Food Security: Provision-Protection-Production
Moya Centre Kitchen
We have our own kitchen that we use to cook nutritious meals for all the children of the Preschools and Kids Clubs in the area. Our cook Nana makes lunch for the three Preschools Monday through Friday and a meal once a week for the Kids Clubs of Mavis and Luphahleni. The meals are either mixed vegetable stew or beans served with rice. Nana also prepares fifty liters of the traditional fermented corn drink emahewu every day for the children of the Afternoon Club. Emahewu is made of mealie meal, water, and sugar to provide a filling and invigorating drink for the children that come study at the Afternoon Club. Seasonal greens, cabbages, carrots, onions, green peppers, and tomatoes in the mixed vegetable stew are provided by the Moya Centre Garden and is usually eaten by the very same children that watered and harvested the vegetables. The Moya Centre also receives generous donations from Woolworth’s two/three times monthly which is used in the preparation of meals in the Kitchen when they are available.
Moya Centre Garden
The Moya Centre Garden was started in 2015. What was once a small collection of tomato plants along one fence in the corner of the Moya Centre has turned into twelve square meters of vegetables, fruits, and herbs. Our garden is a perfect example of permaculture with its natural water collection, efficient design, inter-cropping, and a small seed resource centre. Masoka started working by himself until he enlisted the help of a Grade 1 student who Masoka put in charge of water, planting, and cleaning the garden. Today, the garden is chiefly maintained by Grade1 and Grade 2 Primary school students. The food grown here is prepared in the Moya Centre Kitchen and provides food for the three Preschools the Moya Centre is affiliated with in the area. There is even enough produce to provide healthy snacks for the students who helped grow the garden, too!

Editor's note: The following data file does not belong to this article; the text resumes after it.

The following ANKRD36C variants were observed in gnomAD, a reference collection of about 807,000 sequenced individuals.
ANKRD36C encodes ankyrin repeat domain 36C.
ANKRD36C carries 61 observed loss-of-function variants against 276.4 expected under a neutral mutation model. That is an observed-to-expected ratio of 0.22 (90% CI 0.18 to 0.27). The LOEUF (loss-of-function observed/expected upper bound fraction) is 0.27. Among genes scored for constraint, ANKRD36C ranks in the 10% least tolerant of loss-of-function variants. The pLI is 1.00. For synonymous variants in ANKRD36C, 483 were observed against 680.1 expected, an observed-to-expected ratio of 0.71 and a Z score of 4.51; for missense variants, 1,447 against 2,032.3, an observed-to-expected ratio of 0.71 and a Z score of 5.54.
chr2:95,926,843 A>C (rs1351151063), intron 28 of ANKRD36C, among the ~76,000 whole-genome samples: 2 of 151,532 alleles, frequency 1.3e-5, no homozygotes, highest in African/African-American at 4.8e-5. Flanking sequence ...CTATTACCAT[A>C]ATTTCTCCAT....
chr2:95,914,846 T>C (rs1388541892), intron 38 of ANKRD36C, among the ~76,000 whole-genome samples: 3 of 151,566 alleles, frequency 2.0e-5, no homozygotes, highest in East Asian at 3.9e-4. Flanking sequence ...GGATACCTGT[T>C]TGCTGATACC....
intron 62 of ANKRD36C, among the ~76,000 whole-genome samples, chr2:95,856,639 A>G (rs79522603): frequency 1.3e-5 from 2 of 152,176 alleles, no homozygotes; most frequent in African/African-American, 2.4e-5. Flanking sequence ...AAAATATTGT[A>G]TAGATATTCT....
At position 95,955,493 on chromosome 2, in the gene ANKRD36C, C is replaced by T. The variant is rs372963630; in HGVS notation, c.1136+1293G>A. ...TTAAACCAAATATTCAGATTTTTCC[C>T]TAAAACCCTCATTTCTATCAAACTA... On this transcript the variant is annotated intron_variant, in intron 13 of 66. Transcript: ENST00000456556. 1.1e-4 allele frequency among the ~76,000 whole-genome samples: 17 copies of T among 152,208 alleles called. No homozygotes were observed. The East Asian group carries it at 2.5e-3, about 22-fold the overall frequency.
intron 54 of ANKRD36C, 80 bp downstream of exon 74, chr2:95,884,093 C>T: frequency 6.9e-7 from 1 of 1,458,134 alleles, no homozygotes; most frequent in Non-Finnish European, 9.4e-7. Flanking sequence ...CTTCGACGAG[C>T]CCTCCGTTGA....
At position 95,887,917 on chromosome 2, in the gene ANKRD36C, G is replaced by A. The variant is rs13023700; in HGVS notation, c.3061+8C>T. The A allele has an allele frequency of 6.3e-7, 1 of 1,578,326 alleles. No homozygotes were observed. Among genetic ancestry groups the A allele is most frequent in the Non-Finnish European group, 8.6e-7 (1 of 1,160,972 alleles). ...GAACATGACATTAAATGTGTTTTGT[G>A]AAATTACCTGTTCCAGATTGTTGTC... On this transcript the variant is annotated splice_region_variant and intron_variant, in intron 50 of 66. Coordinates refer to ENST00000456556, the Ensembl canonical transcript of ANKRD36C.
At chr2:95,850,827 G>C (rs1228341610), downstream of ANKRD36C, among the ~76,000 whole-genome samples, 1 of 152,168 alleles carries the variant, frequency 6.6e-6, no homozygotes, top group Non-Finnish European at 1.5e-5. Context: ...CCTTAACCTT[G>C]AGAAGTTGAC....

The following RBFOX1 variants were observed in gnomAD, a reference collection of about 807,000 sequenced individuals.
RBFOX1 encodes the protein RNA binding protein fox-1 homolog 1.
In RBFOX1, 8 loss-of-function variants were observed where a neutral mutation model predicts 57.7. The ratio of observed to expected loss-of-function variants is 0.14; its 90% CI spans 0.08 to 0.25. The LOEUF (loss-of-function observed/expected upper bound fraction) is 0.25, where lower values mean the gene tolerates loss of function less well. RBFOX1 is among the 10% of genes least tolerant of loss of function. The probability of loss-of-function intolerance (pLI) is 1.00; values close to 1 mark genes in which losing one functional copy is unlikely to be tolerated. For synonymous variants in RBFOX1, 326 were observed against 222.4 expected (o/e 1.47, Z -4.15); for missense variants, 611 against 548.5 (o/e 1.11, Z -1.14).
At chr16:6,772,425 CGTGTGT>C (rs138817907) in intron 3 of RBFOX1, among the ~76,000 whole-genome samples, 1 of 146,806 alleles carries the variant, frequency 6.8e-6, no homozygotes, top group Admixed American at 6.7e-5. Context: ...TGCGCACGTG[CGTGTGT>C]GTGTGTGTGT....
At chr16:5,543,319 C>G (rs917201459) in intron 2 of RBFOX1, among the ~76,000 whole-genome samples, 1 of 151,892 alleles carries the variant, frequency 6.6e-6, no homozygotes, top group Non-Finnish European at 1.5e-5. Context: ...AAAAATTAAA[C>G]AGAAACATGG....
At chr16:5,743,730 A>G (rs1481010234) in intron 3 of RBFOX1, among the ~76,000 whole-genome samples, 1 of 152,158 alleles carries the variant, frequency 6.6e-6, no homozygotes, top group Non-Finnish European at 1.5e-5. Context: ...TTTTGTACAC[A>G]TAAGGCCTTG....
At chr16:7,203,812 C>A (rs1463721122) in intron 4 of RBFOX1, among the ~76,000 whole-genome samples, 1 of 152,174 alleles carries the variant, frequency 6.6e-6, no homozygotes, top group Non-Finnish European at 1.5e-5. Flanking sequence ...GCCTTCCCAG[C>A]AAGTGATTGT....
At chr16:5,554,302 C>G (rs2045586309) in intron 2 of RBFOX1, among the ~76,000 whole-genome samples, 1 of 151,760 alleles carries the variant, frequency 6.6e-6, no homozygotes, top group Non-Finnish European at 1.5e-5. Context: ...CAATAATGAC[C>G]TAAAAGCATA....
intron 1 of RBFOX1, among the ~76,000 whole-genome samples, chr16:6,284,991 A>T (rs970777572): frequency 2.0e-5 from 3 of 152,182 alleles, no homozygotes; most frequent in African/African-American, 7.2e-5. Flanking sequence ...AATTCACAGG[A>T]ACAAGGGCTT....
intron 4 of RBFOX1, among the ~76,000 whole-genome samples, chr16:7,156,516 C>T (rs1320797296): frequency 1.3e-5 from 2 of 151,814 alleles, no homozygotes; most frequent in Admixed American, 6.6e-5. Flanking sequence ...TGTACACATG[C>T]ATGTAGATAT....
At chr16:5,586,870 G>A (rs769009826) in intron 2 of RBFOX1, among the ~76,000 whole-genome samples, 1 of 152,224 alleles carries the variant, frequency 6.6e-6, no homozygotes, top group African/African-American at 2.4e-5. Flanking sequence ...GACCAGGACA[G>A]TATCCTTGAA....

Savings Scheme Micro Entrepreneurship And Financial Literacy
Savings schemes are a safe and appropriate alternative to the rather expensive bank loan option or using spare funds to slowly accumulate building materials. FHI360 initiated the savings scheme protocol and assisted with the schemes constitution. Moya Centre hosts two Saving Schemes under the direction of Carol that have 24 members each and include staff members and Caregivers that meet once a month to discuss financial literacy and financial goal keeping. Started in September 2016 and ending in November 2017, members buy shares of the Savings Scheme for 50E a share. The group then decides who to loan money out to for their various projects. Those members taking a loan from the Savings Scheme then pay back what they borrowed plus the 10% interest agreed upon by the group and eventually the shared money grows to a substantial amount. This year the Savings Scheme was disbanded and everyone who initially bought a share received an E 24.9 increased return per share. Through the explanation and implementation of the Saving Scheme along with the monthly meetings those in the Savings Scheme learn valuable skills on financial literacy such as money management, the benefit of saving, setting financial goals, and being able to better pull themselves out of poverty instead of focusing on subsistence purchasing.